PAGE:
Every Fall I Wonder Again Why Our Leaders Didn't Fight for a Stadium in Boston

Wednesday, September 14, 2011

Fresh from their smash season-opening victory Monday night over the Miami Dolphins, the New England Patriots are getting ready for their home opener Sunday afternoon, September 18, against the Chargers of San Diego.

I'm even more excited than usual about a Patriots game because I'll be attending a pro game at Gillette Stadium in Foxborough on Sunday for the first time since the place opened in 2002. Also, it's a freebie: I'll be there as someone's guest in one of those obnoxiously plush corporate boxes. You bet I'll take all the luxury, pampering, drinks and viddles they treat me to. Why go to the coliseum if you don't want to act like a Roman?

Yeah, the Razor (as the Globe's Dan Shaughnessy likes to call Gillette Stadium) has it all: 68,000-plus seats, 46 permanent concession stands, 60 portable food and beverage stands, two gigantic (48 X 27 feet) scoreboards, a main concourse, an upper concourse, a special Putnam (as in investments) Club with seating for 6,600 fans, and four separate first aid stations for idiots like me who get too excited after every big play and end up spraining their wrists with the obligatory high-fiving. It even has a 12-story-high "lighthouse" near the main entrance that beckons the devoted more effectively than a church spire.

Gillette Stadium only has one problem: It is in Foxborough. On Route 1.

Boston to Foxborough is only 21 miles. When there's no traffic, it's a fairly quick ride. On game days, however, as many season ticket holders attest, it can easily take you one hour to drive there, find a parking space in one of the many $50-per-space parking lots that spring to temporary life, and hike a third of a mile or more to your seat in Spectacleland.

After the game, the travel away from this burb really gets rough.

From having attended a U-2 concert at Gillette, I know it can take an hour just to extricate your vehicle from one of those chaotic, fan-fleecing lots and crawl onto Route 1. Then it can take another 20 minutes to get to Route 95, at which time you have maybe a half-hour ride to Boston. If you're lucky.

On your way to the game, you're filled with anticipation, so the drive doesn't seem so bad. Afterwards, the inevitable letdown sets in, even if the Pats have won. You're tired, maybe a little beat up by all the booze and high-fat "snacks" you had to have, and the Monday morning blues are starting to wrap their heavy hands around your weary body and brain. The drive home then can feel like a penalty devised by your worst enemy.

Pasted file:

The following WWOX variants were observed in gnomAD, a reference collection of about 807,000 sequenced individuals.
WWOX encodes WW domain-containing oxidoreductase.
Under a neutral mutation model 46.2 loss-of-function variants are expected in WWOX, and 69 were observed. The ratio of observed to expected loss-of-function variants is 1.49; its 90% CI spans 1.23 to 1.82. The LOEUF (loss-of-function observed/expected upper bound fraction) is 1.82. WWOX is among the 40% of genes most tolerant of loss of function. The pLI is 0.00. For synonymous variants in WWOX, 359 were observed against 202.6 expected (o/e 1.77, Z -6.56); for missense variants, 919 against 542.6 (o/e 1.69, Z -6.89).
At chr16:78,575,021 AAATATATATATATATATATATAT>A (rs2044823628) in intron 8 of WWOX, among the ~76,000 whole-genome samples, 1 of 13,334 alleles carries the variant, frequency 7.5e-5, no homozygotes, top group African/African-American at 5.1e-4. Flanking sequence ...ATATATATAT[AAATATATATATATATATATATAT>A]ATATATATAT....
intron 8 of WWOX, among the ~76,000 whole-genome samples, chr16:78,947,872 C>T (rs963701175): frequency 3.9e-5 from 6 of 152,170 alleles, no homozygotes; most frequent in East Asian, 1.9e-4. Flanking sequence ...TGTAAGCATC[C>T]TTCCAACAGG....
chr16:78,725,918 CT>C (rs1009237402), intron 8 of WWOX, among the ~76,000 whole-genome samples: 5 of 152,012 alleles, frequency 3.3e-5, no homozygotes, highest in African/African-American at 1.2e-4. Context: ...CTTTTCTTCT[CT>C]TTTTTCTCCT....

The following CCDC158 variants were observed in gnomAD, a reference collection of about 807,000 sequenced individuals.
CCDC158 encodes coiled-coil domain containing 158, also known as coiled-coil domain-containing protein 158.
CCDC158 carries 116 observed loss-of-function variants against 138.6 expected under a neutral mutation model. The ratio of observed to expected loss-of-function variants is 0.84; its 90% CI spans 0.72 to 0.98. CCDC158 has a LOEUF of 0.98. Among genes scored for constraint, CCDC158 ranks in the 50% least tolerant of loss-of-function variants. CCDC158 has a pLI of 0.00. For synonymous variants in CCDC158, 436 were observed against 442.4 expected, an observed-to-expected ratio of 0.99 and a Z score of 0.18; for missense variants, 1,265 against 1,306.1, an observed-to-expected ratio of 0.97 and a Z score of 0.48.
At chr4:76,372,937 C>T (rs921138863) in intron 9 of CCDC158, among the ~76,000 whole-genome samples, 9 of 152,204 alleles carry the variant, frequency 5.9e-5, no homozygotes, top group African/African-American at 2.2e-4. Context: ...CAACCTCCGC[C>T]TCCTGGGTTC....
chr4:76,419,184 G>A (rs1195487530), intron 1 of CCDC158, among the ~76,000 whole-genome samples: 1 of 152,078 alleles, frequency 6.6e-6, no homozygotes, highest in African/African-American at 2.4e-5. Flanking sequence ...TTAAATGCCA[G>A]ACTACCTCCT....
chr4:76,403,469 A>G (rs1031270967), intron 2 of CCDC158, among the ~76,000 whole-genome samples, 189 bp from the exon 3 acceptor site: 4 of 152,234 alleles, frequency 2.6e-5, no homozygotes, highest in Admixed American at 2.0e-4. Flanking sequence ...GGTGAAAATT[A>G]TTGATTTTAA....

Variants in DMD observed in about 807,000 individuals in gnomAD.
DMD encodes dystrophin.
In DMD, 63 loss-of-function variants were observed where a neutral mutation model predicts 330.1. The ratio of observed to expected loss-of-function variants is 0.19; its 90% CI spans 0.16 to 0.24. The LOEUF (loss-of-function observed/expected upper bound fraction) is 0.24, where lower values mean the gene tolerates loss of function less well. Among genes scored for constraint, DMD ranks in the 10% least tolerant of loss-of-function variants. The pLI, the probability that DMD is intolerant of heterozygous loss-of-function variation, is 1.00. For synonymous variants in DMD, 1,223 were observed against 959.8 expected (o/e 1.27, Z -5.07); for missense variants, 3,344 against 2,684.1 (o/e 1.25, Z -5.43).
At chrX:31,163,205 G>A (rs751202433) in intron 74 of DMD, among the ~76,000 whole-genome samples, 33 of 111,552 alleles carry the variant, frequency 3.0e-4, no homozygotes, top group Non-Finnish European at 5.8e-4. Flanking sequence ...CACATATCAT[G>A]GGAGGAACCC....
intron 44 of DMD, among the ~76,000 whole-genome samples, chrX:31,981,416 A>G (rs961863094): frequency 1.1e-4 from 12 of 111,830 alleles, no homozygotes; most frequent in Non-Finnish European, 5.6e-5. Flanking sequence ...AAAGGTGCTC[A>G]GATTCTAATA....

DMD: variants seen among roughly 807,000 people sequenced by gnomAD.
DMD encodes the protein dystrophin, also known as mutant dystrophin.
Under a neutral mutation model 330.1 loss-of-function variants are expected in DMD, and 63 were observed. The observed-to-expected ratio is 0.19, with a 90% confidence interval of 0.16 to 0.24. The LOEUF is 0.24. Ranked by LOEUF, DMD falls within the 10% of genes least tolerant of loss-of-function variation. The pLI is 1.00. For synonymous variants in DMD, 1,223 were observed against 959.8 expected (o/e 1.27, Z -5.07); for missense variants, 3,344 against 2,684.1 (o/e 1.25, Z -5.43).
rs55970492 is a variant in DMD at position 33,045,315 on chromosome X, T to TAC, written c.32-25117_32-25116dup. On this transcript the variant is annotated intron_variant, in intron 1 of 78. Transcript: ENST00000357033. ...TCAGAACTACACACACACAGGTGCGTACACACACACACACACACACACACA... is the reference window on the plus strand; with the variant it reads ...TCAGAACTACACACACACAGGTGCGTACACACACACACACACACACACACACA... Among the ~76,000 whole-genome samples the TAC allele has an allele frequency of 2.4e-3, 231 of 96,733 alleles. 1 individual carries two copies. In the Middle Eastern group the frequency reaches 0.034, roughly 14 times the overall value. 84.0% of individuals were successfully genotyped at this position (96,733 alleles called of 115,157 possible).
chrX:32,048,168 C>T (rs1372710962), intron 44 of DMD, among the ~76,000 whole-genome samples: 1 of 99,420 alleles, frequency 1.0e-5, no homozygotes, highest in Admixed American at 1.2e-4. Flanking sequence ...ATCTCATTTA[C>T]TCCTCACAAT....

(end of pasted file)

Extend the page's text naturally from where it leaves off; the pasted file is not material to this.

In the late-1990s, there were two different plans to build a professional sports stadium as a home for the Patriots in Boston. One proposal would have sited it in South Boston and the other along Melnea Cass Boulevard in Roxbury, the "crosstown" site. Residents in both locations voiced strong initial objections and the city's political leaders basically folded without a fight.

I don't know if Gillette Stadium should be in South Boston or Roxbury, but it should be somewhere in Boston, somewhere where it can be approached via multiple routes and is served by several modes of transportation.

Boston is the Hub of New England, a city with world-class institutions, a tourist mecca. It is the capital of a major state with more than six million inhabitants. And Boston proper hosts teams in the major professional sports of baseball (Red Sox), basketball (Celtics) and hockey (Bruins).

That such a city does not also host a team as illustrious and popular as the New England Patriots is the mistake that will never go away. (Those aerial shots of Boston taken from blimps during commercial breaks do not cut it.)

A football game, even when it decides a championship, has no ultimate importance, which is another reason why a fan should not have to give up an entire day of his life to attend one, as many a Patriot fan now must do.

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